HELMAND PROVINCE, Afghanistan --
For Marines, “special forces” traditionally means Force Reconnaissance units.
Most have heard stories about Force “Recon,” but they may not familiar with the role of a Marine special operations company. A couple weeks here with a Marine Special Operations Company deployed from the 1st Special Operations Battalion in Camp Pendleton will change that.
Marine Special Operations, as an organization, has only existed for about two years. The MSOC Marines come from former Force Recon and other infantry units, said a former Force Recon Marine. Their experiences vary, but most have had years of combat experience.
The MSOC Marines, based out of a forward operating base in central Helmand Province, operated at a much faster pace than other units in country.
Accompanied by a small group of Afghan National Army soldiers, the Marines were constantly on the go: visiting villages, distributing humanitarian aid and always searching for insurgents. Their breaks between operations varied from 12 hours to three days.
The MSOC Marines thrive on missions that have them patrolling for enemy forces, an MSOC Marine said. “We don’t like being on the FOB.”
Shortly afterward, the unit departed on a mission in northern Helmand Province.
An MSOC leatherneck said his Marines were attacked four times throughout the four-day mission. He described how they overcame enemy machine gun positions, mortar attacks and rocket-propelled-grenades.
“Needless to say, we silenced their weapons,” said another MSOC Marine.
On their next mission, a three-day assignment in north central Helmand Province, the MSOC Marines visited other villages throughout the districts. At night the Marines slept on the desert ground – in sleeping bags, but not on cots.
While on foot patrol through the first village on day one, it was clear these Marines were not on a time schedule, and they took no shortcuts. In full combat gear they searched all compounds, streets and paths in the village. When it was secure, they set up distribution sites for the humanitarian aid they took with them.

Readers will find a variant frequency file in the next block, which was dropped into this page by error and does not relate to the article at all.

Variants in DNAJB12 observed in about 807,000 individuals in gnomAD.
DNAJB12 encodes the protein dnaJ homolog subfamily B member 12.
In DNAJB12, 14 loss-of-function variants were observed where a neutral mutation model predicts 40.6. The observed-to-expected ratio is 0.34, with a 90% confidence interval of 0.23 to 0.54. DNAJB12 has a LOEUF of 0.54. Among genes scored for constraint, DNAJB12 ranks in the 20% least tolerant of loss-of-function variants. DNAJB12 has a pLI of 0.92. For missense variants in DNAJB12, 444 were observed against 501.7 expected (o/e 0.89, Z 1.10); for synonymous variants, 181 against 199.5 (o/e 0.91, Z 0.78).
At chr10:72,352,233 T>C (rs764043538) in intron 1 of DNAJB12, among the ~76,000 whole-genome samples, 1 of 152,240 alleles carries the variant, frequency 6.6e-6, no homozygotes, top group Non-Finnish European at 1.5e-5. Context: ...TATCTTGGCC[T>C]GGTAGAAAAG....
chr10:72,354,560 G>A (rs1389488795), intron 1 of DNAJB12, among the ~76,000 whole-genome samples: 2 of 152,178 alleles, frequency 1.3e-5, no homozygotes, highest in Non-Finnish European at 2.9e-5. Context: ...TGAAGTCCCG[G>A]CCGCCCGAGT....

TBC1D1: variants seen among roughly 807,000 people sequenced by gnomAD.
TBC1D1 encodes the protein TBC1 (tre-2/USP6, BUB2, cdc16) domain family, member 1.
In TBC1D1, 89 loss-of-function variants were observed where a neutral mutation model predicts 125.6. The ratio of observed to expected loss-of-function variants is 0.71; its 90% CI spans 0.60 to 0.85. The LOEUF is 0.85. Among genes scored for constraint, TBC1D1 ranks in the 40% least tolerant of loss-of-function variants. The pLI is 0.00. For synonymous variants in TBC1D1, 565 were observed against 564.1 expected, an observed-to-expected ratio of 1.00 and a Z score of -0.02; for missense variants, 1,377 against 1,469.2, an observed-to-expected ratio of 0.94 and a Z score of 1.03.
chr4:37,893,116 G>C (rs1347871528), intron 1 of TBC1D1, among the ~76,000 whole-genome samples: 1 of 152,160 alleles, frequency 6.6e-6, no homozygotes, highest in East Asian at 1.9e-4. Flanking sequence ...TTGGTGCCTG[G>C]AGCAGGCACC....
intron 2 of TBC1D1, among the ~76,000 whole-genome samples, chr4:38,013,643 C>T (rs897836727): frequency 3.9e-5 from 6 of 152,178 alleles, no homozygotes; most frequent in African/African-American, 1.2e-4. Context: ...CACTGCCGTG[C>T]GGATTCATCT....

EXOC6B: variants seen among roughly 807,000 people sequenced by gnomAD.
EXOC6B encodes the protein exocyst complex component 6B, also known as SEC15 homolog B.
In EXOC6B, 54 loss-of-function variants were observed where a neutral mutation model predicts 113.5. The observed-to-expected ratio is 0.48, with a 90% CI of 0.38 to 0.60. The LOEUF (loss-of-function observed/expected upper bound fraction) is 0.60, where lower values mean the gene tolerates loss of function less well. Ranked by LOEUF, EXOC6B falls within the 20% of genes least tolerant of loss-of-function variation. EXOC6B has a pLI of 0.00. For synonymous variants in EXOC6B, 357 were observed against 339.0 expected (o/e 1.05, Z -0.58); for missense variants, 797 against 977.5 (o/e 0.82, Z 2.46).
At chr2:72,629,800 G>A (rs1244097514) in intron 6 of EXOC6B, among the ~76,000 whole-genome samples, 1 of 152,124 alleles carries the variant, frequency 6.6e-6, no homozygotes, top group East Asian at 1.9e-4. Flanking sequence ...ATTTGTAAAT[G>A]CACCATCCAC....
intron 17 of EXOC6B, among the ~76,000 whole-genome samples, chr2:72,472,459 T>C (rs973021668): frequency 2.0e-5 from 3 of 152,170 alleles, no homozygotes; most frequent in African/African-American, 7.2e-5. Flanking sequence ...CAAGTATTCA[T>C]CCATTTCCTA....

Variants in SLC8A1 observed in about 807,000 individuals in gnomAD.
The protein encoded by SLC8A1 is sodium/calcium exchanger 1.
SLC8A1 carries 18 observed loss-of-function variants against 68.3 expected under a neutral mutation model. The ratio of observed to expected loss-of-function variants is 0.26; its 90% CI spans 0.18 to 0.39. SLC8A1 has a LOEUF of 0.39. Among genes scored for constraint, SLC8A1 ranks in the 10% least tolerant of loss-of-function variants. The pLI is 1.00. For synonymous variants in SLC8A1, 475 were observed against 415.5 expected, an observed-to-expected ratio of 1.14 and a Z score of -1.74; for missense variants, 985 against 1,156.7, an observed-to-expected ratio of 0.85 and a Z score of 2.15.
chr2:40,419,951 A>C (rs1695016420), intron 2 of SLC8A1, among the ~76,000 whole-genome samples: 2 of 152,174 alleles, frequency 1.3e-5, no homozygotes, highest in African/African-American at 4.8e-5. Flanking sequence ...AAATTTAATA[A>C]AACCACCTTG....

On the second day the unit came under attack within five minutes of arriving at a small village. Immediately the MSOC Marines positioned themselves throughout the village and began engaging the enemy insurgents.
Halfway into what turned out to be a nearly four-hour battle, a Marine who seemed to never rest, said with a grin, “We’re not done yet.”
He seemed unfazed that earlier an RPG missed him by less than two feet.
Despite several other close calls, the Marines relentlessly pursued the insurgents until they secured the village, and the Taliban fighters were either killed or fled. Before they were done, the MSOC hospital corpsmen cared for and treated villagers injured by insurgents.
Afterward Marine leaders met with village elders and committed to return with much needed aid and support, as long as the Marines had the villagers’ support.
Shortly after returning to their FOB, the MSOC Marines prepared to depart on another mission. After all, they weren’t done yet.
Editor’s note: Because the Marines personnel mentioned in this story are special operations personnel, their names and the specific locations cannot be published.